In Johannesburg in the 1960s, a white, Jewish girl's struggles with puberty and with her mother's unfortunate remarriage are exacerbated by the sexual repressiveness and social injustice she sees all around her.
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Gr. 8-12. Growing up as a nice Jewish girl in Johannesburg in the 1960s, 16-year-old Ruth fights with her racist stepfather and worries that her boyfriend will find her too flat chested. Ruth knows it's unfair that the white "masters" and "madams" live so lavishly while blacks are so poor, but she's not really interested in politics anyway. Also, there's nothing she can do about it ("Basically, I thought I was charitable to blacks and all that"). Silver evokes the world of white privilege with a sharp eye for the cruel and the absurd. Without in any way belittling Ruth's YA angst about family, self-image, and sex, he shows how small and smug her suburban world is. As in Sacks' Beyond Safe Boundaries (1989) and Silver's own No Tigers in Africa (1992), the teenager is shocked awake when "politics" affects someone close: Her friend's brother is imprisoned, tortured, and then forced into exile. What's more, Ruth discovers her own corruption when she gets the garden "boy" dismissed for inadvertently spying on her when she's using her breast vibrator. The vignettes of the social scene go on too long, and a plot contrivance about witch doctor medicine works neither as fact nor as metaphor. It's Ruth's narrative, self-absorbed and naive, that carries the story. In one quiet climax, she meets a young black student, Ben, and discovers that he is a person; at the end of the story, Ben is still in prison, detained without trial. Hazel RochmanFrom School Library Journal:
Grade 7-10-Conflicts with her stepfather, concerns about her too-small breasts, and thinking about boys take center stage in the life of a white Jewish girl. Set in recent Johannesburg before the government began its move away from apartheid, the story shows how the unequal interrelatedness of black and white is a dimension of almost every situation. While Ruthie becomes involved with the fringes of political protest through a boyfriend's family, the relationships with servants are where she really experiences South African race relations. It is in this arena that she witnesses blacks giving whites a level of love and acceptance missing in her own family; and it is here that, through cross-cultural fear and misunderstanding, the girl has to face guilt for her mother's death. This adolescent's view of apartheid is convincing, despite its being considerably limited by that perspective. Ruthie's flat, rather passionless voice may reflect the isolated and superficial world of many South African whites, but it makes her (and her family) hard to like or care about very much. The central characters in Margaret Sacks's Beyond Safe Boundaries (Dutton, 1989) are more three dimensional, and the protagonist is also a teenaged girl in essentially the same setting.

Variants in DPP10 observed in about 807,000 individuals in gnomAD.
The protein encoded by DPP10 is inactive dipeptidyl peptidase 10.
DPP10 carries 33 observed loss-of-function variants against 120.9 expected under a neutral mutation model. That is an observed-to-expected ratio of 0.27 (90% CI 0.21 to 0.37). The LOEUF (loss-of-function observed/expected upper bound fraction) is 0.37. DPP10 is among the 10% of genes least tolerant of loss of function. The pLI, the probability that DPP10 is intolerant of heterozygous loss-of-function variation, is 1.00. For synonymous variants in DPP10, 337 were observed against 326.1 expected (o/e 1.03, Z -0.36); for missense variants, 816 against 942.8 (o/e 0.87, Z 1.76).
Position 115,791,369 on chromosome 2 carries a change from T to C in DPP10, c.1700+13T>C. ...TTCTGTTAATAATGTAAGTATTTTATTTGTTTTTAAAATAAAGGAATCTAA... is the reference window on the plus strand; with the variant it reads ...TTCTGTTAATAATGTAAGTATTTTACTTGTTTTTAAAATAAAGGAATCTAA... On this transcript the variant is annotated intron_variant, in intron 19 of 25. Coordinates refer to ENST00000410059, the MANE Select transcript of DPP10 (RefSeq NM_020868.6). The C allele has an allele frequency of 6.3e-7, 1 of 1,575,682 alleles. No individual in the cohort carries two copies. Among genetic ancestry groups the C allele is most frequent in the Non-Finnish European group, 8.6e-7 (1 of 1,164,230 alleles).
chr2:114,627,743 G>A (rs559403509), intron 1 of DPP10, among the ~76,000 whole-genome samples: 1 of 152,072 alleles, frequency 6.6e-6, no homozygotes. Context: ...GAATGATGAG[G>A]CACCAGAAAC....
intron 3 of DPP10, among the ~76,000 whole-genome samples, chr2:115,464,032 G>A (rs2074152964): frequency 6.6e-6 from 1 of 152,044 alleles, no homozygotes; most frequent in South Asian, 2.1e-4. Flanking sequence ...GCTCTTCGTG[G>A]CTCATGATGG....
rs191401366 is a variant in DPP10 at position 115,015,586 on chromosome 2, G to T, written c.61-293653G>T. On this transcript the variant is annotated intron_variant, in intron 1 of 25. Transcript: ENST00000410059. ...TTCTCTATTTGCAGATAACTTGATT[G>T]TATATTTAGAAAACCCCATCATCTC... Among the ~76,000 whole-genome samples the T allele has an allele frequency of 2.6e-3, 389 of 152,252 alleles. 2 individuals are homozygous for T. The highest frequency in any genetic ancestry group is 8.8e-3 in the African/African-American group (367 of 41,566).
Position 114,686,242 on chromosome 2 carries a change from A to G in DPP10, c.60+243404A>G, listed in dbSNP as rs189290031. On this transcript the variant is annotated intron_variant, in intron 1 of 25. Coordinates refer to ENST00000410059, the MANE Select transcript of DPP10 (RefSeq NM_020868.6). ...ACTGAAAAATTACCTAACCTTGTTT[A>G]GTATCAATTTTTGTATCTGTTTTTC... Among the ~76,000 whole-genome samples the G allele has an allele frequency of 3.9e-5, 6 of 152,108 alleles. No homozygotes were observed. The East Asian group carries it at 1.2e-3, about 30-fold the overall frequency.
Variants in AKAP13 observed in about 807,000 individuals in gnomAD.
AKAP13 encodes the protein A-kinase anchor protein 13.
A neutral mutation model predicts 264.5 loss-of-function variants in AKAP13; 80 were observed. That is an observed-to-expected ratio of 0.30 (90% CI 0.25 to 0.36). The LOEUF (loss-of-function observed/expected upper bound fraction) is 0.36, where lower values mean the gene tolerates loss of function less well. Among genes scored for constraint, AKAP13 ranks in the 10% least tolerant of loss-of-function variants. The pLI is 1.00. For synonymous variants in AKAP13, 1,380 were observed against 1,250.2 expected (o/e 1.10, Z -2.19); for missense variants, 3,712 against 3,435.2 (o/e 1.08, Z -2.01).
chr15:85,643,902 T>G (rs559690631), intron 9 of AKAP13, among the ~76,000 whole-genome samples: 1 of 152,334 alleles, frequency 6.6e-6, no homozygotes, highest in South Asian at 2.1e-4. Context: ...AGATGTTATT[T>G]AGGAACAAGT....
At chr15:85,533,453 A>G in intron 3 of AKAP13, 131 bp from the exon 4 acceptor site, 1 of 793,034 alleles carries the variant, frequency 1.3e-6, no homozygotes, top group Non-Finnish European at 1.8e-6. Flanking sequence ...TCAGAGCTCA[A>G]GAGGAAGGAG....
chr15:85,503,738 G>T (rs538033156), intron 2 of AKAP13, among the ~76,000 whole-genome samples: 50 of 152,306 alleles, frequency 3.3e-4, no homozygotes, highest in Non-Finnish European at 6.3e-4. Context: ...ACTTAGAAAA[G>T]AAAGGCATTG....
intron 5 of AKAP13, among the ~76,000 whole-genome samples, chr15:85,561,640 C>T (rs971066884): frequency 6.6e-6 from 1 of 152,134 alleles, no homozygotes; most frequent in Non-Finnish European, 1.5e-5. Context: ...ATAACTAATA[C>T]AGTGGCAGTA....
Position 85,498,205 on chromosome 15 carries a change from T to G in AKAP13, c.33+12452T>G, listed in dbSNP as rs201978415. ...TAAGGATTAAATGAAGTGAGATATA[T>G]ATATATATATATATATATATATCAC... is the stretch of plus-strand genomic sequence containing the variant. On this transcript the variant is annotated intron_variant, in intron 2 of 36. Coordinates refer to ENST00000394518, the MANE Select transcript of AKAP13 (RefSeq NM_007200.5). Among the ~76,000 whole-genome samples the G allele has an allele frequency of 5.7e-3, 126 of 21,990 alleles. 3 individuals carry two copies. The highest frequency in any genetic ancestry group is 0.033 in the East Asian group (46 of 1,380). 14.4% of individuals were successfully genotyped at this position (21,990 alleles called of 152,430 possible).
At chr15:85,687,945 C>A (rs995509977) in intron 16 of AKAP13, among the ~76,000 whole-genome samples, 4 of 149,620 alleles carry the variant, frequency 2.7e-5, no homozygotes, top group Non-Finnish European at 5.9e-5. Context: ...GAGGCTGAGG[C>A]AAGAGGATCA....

Loretta Kreider Andrews, Enoch Pratt Free Library, Baltimore
Copyright 1994 Reed Business Information, Inc.
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Book Description Dutton Children's Books, New York, 1992. Hardcover. Book Condition: New. Dust Jacket Condition: New. First Edition. Novel for adolescent readers about a Jewish South African girl and issues of self-acceptance and race relations. Bookseller Inventory # 4409
Book Description Dutton Juvenile, 1993. Hardcover. Book Condition: New. Bookseller Inventory # DADAX0525451617
Book Description Dutton Books for Young Readers, 1993. Hardcover. Book Condition: New. book. Bookseller Inventory # M0525451617